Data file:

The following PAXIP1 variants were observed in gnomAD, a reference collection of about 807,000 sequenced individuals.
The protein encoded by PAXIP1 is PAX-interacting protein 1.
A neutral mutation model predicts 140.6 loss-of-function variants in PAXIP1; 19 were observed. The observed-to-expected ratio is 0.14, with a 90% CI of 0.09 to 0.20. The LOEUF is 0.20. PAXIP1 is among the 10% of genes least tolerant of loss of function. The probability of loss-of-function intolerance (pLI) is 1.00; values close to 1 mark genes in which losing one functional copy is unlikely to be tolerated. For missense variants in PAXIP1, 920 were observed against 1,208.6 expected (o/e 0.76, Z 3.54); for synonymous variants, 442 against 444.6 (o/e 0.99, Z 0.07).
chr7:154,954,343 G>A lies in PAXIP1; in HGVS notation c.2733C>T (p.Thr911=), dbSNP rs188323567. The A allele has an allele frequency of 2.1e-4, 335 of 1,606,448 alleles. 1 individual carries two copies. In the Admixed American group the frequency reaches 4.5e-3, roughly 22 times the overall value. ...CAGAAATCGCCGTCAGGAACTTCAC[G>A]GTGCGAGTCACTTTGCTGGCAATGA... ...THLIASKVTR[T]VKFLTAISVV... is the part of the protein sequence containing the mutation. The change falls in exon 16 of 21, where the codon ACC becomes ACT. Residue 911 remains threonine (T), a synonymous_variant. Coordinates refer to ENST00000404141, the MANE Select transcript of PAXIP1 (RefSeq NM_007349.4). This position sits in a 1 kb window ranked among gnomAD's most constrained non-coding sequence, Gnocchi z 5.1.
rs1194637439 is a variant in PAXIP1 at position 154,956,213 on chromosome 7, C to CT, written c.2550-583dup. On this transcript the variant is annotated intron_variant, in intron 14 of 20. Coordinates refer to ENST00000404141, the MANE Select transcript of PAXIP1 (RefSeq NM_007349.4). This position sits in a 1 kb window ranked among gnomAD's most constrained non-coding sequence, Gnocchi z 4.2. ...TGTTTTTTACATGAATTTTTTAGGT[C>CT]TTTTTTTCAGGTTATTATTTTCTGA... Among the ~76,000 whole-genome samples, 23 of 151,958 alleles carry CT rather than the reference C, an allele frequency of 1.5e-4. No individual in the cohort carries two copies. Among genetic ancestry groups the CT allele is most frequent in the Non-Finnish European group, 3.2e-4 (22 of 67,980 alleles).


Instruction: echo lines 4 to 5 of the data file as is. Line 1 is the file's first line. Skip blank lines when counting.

chr7:154,954,343 G>A lies in PAXIP1; in HGVS notation c.2733C>T (p.Thr911=), dbSNP rs188323567. The A allele has an allele frequency of 2.1e-4, 335 of 1,606,448 alleles. 1 individual carries two copies. In the Admixed American group the frequency reaches 4.5e-3, roughly 22 times the overall value. ...CAGAAATCGCCGTCAGGAACTTCAC[G>A]GTGCGAGTCACTTTGCTGGCAATGA... ...THLIASKVTR[T]VKFLTAISVV... is the part of the protein sequence containing the mutation. The change falls in exon 16 of 21, where the codon ACC becomes ACT. Residue 911 remains threonine (T), a synonymous_variant. Coordinates refer to ENST00000404141, the MANE Select transcript of PAXIP1 (RefSeq NM_007349.4). This position sits in a 1 kb window ranked among gnomAD's most constrained non-coding sequence, Gnocchi z 5.1.
rs1194637439 is a variant in PAXIP1 at position 154,956,213 on chromosome 7, C to CT, written c.2550-583dup. On this transcript the variant is annotated intron_variant, in intron 14 of 20. Coordinates refer to ENST00000404141, the MANE Select transcript of PAXIP1 (RefSeq NM_007349.4). This position sits in a 1 kb window ranked among gnomAD's most constrained non-coding sequence, Gnocchi z 4.2. ...TGTTTTTTACATGAATTTTTTAGGT[C>CT]TTTTTTTCAGGTTATTATTTTCTGA... Among the ~76,000 whole-genome samples, 23 of 151,958 alleles carry CT rather than the reference C, an allele frequency of 1.5e-4. No individual in the cohort carries two copies. Among genetic ancestry groups the CT allele is most frequent in the Non-Finnish European group, 3.2e-4 (22 of 67,980 alleles).